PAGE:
“You know it when you see it”. This, of course, is the famous Potter Stewart quote from the Jacobelis vs Ohio court case (1964) which found the French film “The Lovers (Les Amants)” to be too obscene.
As the definition of native advertising continues to evolve this quote is incredibly fitting. But I’ll get to that later, let me first go back to the origins of this marketing tactic…
If there’s one thing we can’t agree on, it’s native advertising!
Ever since Fred Wilson gave his high profile talk at the OMMA Global Conference during Advertising Week in New York in September 2011, the marketing world has been in a bit of a frenzy about native advertising.
Wilson did not actually coin the phrase ‘native advertising’. This is credited to Dan Greenberg, the CEO of Sharethrough. Wilson used the rather less catchy term ‘native monetization systems’.
Native monetization systems in this context refers to the seamless integration of an aspect of a web service that is focused on generating money. They are essentially ads that are ‘unique and native to the experience’ of the site.
He used Google Adwords and promoted Twitter accounts as prime examples of native monetization systems.
Wikipedia defines native advertising as:
A web advertising method in which the advertiser attempts to gain attention by providing content in the context of the user’s experience. Native ad formats match both the form and the function of the user experience in which it is placed.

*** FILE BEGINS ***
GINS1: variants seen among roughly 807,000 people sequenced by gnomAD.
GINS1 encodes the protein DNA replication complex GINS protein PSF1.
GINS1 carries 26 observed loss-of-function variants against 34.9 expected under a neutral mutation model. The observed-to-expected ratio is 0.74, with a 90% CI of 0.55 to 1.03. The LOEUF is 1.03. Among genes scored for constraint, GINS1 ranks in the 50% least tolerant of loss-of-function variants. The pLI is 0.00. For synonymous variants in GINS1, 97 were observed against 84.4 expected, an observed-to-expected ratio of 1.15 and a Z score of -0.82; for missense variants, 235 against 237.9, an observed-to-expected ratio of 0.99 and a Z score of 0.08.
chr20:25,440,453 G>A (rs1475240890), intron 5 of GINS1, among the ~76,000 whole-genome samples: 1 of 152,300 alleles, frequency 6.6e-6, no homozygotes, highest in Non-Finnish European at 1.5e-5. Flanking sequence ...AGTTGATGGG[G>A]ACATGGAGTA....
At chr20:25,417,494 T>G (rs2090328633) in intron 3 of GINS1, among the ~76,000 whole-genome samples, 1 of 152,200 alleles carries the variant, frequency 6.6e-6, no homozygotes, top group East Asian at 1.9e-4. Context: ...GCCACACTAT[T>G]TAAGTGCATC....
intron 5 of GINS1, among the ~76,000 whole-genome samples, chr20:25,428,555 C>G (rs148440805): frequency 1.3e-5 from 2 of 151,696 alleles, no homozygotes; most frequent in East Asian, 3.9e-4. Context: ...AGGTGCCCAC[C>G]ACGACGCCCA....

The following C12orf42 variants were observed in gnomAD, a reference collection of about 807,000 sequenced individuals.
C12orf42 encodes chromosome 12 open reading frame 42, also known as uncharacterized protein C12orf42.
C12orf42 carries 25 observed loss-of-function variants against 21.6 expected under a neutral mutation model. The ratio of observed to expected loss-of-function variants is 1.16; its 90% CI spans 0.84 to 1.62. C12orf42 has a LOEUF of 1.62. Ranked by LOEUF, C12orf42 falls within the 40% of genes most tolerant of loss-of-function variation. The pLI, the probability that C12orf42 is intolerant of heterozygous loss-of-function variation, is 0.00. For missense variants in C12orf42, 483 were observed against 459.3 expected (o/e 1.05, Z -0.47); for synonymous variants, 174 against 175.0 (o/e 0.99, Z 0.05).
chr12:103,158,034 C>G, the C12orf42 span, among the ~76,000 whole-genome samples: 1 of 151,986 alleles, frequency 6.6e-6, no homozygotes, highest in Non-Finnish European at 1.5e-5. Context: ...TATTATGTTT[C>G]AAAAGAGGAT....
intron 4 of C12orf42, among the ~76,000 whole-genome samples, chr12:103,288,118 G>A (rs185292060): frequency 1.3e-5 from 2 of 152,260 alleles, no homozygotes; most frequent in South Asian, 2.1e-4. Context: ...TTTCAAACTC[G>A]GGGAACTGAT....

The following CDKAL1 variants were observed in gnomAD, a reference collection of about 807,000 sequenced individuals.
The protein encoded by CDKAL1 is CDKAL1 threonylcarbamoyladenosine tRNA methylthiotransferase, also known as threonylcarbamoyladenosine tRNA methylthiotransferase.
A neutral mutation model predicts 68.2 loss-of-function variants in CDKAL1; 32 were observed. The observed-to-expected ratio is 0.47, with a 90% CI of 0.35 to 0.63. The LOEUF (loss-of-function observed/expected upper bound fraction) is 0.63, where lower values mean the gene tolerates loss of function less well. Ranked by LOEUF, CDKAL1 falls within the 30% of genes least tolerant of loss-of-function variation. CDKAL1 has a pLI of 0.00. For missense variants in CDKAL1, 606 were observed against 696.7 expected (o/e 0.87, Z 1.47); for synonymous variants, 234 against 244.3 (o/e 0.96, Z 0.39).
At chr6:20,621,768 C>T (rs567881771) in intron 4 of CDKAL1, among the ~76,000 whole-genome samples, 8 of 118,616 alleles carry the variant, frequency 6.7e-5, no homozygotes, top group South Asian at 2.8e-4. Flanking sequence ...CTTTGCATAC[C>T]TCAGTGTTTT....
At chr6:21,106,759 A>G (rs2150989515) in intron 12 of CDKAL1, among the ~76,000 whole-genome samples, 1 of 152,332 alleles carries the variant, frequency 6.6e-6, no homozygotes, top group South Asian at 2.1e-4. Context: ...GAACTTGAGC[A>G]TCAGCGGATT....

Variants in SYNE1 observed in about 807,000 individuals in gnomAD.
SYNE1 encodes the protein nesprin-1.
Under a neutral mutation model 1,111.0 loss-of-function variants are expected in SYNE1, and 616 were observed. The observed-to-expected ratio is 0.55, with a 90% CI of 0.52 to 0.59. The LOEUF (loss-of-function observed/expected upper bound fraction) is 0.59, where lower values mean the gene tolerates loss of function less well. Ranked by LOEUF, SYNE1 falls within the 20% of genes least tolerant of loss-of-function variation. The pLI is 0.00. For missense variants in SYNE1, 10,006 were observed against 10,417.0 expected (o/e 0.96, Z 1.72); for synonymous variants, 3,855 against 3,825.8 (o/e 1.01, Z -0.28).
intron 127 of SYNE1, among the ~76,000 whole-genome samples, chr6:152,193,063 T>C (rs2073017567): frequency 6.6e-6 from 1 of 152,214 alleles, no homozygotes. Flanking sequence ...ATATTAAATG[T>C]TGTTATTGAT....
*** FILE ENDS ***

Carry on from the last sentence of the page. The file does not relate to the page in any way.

This definition is perhaps too simplistic for some, but we’ll get to that later in this blog post.
Show me the money!
It is difficult to think of another marketing related subject that has caused such a difference in opinions among those in the industry.
It seems that everyone has their own take on native advertising and what it entails but there is one thing that everyone agrees on: native advertising has the potential to make some serious cash for savvy companies.
I have read a few variations on how much the native advertising market is currently worth but in true sensationalist style I’m just going to go right ahead and use the highest amount reported: $10bn! Now I bet that’s got your attention.
Native adverts need to be uniquely crafted to integrate with a publisher’s design, content and value proposition. For example Buzzfeed is a popular website that shows awesome, and some not so awesome, content posted by its users.
Companies are also allowed to post content and it is presented in an almost identical manner as user generated content. The only giveaway in the disguise is some slight shading and the “FEATURED PARTNER” label in the bottom right had corner (see the Nokia example below).
In this respect native ads can be excellent for consumers as companies have had to up their game in terms of the content they release to reach consumers and how they help consumers find what they are looking for e.g. Google Ads.
When performed successfully native advertising can be incredibly powerful. Sharethrough recently partnered with researcher IPG to look into the effects of native advertising.
It was reported that 53% of people are more likely to look at native ads and 32% said that they would share a native ad with a family member.
Just a thought, but could it be that this report is a form of native advertising? Sharethrough, with a tagline of ‘Top publishers use Sharethrough’s technology to create and manage native advertising placements’, may have a vested interest in the report being in favour of native advertising. ‘Native reporting’ perhaps?